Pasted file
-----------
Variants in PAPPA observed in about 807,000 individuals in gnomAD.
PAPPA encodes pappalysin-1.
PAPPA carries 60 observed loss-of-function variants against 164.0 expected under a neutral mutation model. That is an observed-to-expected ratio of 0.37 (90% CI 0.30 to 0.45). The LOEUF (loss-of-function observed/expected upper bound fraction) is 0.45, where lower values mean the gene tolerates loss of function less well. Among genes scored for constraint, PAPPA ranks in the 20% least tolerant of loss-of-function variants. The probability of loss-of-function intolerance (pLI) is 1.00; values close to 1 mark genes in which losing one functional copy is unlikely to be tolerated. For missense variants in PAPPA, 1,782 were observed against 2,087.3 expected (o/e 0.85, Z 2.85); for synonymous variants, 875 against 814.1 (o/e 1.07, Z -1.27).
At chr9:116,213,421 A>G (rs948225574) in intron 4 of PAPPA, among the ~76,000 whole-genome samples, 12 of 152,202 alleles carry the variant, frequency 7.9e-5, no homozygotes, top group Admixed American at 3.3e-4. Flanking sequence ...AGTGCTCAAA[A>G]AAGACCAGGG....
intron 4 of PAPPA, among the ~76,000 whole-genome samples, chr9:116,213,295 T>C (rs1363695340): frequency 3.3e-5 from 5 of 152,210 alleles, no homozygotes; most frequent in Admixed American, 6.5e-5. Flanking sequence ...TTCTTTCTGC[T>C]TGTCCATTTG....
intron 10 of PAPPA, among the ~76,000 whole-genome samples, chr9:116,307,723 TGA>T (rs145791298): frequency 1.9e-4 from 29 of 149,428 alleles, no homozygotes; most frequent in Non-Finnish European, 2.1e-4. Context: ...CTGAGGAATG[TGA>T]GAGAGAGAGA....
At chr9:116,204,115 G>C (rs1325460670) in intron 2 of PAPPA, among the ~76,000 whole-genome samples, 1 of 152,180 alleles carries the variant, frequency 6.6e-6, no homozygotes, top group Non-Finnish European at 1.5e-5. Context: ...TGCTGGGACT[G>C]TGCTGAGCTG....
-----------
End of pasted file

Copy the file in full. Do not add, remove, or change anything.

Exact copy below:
Variants in PAPPA observed in about 807,000 individuals in gnomAD.
PAPPA encodes pappalysin-1.
PAPPA carries 60 observed loss-of-function variants against 164.0 expected under a neutral mutation model. That is an observed-to-expected ratio of 0.37 (90% CI 0.30 to 0.45). The LOEUF (loss-of-function observed/expected upper bound fraction) is 0.45, where lower values mean the gene tolerates loss of function less well. Among genes scored for constraint, PAPPA ranks in the 20% least tolerant of loss-of-function variants. The probability of loss-of-function intolerance (pLI) is 1.00; values close to 1 mark genes in which losing one functional copy is unlikely to be tolerated. For missense variants in PAPPA, 1,782 were observed against 2,087.3 expected (o/e 0.85, Z 2.85); for synonymous variants, 875 against 814.1 (o/e 1.07, Z -1.27).
At chr9:116,213,421 A>G (rs948225574) in intron 4 of PAPPA, among the ~76,000 whole-genome samples, 12 of 152,202 alleles carry the variant, frequency 7.9e-5, no homozygotes, top group Admixed American at 3.3e-4. Flanking sequence ...AGTGCTCAAA[A>G]AAGACCAGGG....
intron 4 of PAPPA, among the ~76,000 whole-genome samples, chr9:116,213,295 T>C (rs1363695340): frequency 3.3e-5 from 5 of 152,210 alleles, no homozygotes; most frequent in Admixed American, 6.5e-5. Flanking sequence ...TTCTTTCTGC[T>C]TGTCCATTTG....
intron 10 of PAPPA, among the ~76,000 whole-genome samples, chr9:116,307,723 TGA>T (rs145791298): frequency 1.9e-4 from 29 of 149,428 alleles, no homozygotes; most frequent in Non-Finnish European, 2.1e-4. Context: ...CTGAGGAATG[TGA>T]GAGAGAGAGA....
At chr9:116,204,115 G>C (rs1325460670) in intron 2 of PAPPA, among the ~76,000 whole-genome samples, 1 of 152,180 alleles carries the variant, frequency 6.6e-6, no homozygotes, top group Non-Finnish European at 1.5e-5. Context: ...TGCTGGGACT[G>C]TGCTGAGCTG....